Recovering a fair settlement after a serious injury or wrongful death is a tricky process that may involve several insurance policies. Ideally, the person or entity that caused your injury or loss will have liability insurance that covers such scenarios, whether it was a car accident, slip and fall, product defect, etc.
In addition to auto, home, and renter’s insurance, some defendants have umbrella coverage. This is extra liability insurance that will kick in if the policyholder is held responsible for serious injuries, property damage, and/or other losses that are not fully covered by their other policies.
For example, if you were hurt in a car accident but the at-fault driver’s auto insurance limits are too low to cover your medical bills, his or her umbrella insurance may cover the remaining costs up to the umbrella policy’s limits.
Below, we’ve answered a few FAQs about umbrella insurance. If you still have questions or if you need help with your personal injury or wrongful death case, contact the Law Office of Michael D. Waks at (562) 206-1939 for a free consultation.
What Does an Umbrella Insurance Policy Cover?
Depending on the specific terms of the defendant’s umbrella insurance policy, it may provide coverage for:
- Serious injuries or property damage caused by the policyholder and members of his or her household;
- Injuries caused by dangerous conditions on the policyholder’s property for which he or she is legally liable;
- Injuries and property damage caused by the policyholder’s dog;
- Injuries and property damage caused in an auto accident for which the policyholder is held responsible;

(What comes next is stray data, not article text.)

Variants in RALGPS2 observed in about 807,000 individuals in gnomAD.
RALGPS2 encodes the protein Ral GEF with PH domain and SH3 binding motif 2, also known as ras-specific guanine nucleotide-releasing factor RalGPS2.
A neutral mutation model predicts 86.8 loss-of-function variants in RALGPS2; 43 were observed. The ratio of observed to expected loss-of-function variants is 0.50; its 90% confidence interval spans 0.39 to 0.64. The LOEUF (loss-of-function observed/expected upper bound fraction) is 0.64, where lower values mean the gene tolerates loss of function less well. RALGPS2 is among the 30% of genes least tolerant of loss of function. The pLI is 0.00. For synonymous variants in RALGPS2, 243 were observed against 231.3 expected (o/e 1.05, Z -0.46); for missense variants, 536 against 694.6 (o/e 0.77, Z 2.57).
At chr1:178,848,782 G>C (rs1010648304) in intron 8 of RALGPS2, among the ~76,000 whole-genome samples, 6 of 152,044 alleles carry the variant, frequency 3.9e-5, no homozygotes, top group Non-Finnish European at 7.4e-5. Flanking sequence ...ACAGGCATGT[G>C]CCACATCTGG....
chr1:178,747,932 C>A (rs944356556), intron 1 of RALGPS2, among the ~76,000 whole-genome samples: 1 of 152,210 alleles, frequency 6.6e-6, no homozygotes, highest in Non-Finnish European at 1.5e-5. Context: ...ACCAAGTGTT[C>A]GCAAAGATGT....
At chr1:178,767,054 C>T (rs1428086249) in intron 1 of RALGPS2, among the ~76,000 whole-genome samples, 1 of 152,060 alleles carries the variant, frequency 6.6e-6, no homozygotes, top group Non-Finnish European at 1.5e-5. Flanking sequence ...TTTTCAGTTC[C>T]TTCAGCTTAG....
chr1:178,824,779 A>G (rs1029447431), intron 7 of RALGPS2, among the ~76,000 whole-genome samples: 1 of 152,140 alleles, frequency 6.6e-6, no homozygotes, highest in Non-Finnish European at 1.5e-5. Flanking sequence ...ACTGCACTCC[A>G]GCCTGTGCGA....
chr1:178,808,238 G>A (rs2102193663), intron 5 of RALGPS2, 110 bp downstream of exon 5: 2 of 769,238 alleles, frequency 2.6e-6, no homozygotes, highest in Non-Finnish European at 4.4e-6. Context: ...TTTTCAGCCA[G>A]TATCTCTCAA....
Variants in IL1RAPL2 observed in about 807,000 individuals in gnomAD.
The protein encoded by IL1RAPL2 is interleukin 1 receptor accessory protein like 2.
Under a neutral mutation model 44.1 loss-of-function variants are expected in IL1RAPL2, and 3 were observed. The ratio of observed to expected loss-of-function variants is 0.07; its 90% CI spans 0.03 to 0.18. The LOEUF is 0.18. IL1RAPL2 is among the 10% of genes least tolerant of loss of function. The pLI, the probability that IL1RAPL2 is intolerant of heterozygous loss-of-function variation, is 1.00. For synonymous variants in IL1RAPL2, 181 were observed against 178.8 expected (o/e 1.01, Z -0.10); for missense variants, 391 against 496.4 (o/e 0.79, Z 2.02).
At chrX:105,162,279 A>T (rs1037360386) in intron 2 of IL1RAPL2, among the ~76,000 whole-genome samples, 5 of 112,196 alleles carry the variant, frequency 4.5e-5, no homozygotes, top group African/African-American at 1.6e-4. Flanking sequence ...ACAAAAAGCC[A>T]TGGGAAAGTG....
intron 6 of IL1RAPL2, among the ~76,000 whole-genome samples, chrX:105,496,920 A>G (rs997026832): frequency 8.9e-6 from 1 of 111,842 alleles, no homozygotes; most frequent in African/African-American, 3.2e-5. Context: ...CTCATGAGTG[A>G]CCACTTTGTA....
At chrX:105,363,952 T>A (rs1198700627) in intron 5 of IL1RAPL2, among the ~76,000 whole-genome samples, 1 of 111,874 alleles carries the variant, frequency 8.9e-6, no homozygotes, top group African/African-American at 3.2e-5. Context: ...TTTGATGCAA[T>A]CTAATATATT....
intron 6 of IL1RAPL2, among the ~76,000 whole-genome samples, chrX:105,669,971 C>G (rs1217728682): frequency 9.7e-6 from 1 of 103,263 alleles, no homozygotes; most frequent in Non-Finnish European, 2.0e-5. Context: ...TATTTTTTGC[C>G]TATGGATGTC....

- Injuries sustained by a guest in the policyholder’s home;
- Injuries sustained by a child who was playing in the policyholder’s yard;
- Injuries sustained by a person who tripped on a crack in the sidewalk of the policyholder’s rental property;
- Injuries caused by the dog of a tenant who is renting a property from the policyholder; and
- Claims against the policyholder involving libel, slander, shock and mental anguish, and other personal liability situations.
How Do I Determine If the Defendant Has Umbrella Coverage?
The answer to this question depends on whether you have already filed a lawsuit. If you have already filed, your attorney will serve a “Form Interrogatories” document to the defendant, which includes a series of questions the defendant must answer under oath. One of these questions will be whether, at the time of the accident, the defendant had any insurance that might cover the claim. The defendant is required to disclose all insurance policies that might apply, as well as their coverage limits.
If you have not yet filed the lawsuit, the defendant has no legal duty to disclose the types of policies he or she carries or their coverage limits. In some scenarios, though, the defendant will authorize the claims adjuster to disclose this information anyway, especially when it is obvious that the value of the injuries exceed the underlying insurance coverage.
Often, whether or not the defendant will authorize disclosure depends on the amount of damages the claimant has incurred and the defendant’s policy limits. For example, if your medical bills are low but the defendant has high coverage limits, he or she probably will not authorize disclosure of those policy limits due to fear that you might accrue more medical bills than are necessary for treatment. Conversely, if your medical bills are high but the coverage limits are low, the defendant may be more likely to authorize disclosure because your claim would be worth more than the policy limit.